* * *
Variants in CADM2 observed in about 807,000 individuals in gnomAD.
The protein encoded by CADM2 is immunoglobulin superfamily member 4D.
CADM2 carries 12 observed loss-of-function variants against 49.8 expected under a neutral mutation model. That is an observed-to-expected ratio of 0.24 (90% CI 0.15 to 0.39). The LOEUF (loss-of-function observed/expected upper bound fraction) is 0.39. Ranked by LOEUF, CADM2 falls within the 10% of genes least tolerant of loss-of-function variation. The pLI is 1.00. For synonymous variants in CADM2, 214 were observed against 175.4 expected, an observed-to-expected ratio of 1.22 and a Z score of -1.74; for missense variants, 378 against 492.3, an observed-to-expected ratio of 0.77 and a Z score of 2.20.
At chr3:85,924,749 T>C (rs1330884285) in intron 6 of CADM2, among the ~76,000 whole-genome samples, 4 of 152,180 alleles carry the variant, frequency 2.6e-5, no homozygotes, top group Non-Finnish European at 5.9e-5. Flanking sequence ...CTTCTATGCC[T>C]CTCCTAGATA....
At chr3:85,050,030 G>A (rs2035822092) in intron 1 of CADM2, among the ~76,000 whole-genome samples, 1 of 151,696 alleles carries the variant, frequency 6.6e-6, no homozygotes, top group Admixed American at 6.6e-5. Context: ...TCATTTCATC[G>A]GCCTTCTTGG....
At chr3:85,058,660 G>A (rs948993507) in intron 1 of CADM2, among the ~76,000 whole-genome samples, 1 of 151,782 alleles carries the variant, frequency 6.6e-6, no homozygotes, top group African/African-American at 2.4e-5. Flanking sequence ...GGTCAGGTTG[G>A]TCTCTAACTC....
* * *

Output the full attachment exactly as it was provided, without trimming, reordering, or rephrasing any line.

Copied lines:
Variants in CADM2 observed in about 807,000 individuals in gnomAD.
The protein encoded by CADM2 is immunoglobulin superfamily member 4D.
CADM2 carries 12 observed loss-of-function variants against 49.8 expected under a neutral mutation model. That is an observed-to-expected ratio of 0.24 (90% CI 0.15 to 0.39). The LOEUF (loss-of-function observed/expected upper bound fraction) is 0.39. Ranked by LOEUF, CADM2 falls within the 10% of genes least tolerant of loss-of-function variation. The pLI is 1.00. For synonymous variants in CADM2, 214 were observed against 175.4 expected, an observed-to-expected ratio of 1.22 and a Z score of -1.74; for missense variants, 378 against 492.3, an observed-to-expected ratio of 0.77 and a Z score of 2.20.
At chr3:85,924,749 T>C (rs1330884285) in intron 6 of CADM2, among the ~76,000 whole-genome samples, 4 of 152,180 alleles carry the variant, frequency 2.6e-5, no homozygotes, top group Non-Finnish European at 5.9e-5. Flanking sequence ...CTTCTATGCC[T>C]CTCCTAGATA....
At chr3:85,050,030 G>A (rs2035822092) in intron 1 of CADM2, among the ~76,000 whole-genome samples, 1 of 151,696 alleles carries the variant, frequency 6.6e-6, no homozygotes, top group Admixed American at 6.6e-5. Context: ...TCATTTCATC[G>A]GCCTTCTTGG....
At chr3:85,058,660 G>A (rs948993507) in intron 1 of CADM2, among the ~76,000 whole-genome samples, 1 of 151,782 alleles carries the variant, frequency 6.6e-6, no homozygotes, top group African/African-American at 2.4e-5. Flanking sequence ...GGTCAGGTTG[G>A]TCTCTAACTC....